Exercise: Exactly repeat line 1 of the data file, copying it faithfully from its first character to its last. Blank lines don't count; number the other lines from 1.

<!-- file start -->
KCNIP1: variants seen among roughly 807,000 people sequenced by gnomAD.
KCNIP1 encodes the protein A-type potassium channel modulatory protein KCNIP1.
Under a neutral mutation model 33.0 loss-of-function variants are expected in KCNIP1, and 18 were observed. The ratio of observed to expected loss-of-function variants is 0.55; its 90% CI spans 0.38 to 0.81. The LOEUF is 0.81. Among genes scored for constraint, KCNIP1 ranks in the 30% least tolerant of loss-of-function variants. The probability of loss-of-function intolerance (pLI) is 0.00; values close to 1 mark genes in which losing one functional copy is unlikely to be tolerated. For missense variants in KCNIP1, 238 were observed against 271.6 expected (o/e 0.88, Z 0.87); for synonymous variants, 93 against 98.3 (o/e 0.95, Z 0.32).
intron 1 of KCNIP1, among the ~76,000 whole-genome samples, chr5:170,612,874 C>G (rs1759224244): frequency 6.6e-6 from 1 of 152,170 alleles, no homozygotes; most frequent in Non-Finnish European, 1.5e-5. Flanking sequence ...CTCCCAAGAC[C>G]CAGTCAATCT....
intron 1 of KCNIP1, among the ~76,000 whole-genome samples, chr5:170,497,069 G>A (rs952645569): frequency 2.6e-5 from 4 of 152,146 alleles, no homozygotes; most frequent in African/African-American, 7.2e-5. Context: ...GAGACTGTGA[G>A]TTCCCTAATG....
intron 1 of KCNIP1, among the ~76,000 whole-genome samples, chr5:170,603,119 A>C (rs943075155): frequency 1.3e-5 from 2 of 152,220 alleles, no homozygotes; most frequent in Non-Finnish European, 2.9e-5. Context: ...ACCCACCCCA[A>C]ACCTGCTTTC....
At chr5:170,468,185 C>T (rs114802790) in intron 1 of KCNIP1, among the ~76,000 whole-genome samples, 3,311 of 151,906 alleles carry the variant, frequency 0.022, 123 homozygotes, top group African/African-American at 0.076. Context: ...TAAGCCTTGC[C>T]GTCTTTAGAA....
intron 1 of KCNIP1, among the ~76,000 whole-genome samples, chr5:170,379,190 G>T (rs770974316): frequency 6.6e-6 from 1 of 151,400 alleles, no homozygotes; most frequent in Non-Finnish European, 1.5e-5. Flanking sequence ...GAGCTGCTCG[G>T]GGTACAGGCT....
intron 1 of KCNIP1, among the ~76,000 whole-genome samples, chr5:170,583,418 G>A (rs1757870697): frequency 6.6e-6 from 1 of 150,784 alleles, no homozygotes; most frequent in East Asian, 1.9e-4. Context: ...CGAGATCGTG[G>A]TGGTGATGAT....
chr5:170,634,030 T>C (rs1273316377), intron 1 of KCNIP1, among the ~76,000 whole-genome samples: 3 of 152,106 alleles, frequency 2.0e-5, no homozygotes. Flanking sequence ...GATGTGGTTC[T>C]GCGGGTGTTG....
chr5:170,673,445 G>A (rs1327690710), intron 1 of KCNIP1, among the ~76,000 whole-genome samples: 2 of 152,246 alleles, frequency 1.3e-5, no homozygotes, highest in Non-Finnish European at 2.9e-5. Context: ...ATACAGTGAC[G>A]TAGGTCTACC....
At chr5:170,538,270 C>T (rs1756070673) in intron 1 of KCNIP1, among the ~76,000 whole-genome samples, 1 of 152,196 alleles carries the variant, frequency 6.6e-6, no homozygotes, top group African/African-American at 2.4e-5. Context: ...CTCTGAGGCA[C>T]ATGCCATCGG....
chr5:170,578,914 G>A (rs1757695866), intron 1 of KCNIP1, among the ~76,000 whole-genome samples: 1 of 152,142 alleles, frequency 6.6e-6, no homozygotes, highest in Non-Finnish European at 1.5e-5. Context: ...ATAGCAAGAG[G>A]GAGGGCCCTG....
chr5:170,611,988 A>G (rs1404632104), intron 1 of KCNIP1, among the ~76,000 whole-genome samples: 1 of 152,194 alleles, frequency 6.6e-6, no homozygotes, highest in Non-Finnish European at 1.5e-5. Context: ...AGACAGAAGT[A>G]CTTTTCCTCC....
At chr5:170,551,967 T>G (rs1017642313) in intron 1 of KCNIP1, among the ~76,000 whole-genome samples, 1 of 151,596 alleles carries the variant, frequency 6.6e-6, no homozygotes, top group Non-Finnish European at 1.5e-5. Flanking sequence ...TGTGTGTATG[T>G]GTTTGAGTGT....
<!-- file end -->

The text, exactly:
KCNIP1: variants seen among roughly 807,000 people sequenced by gnomAD.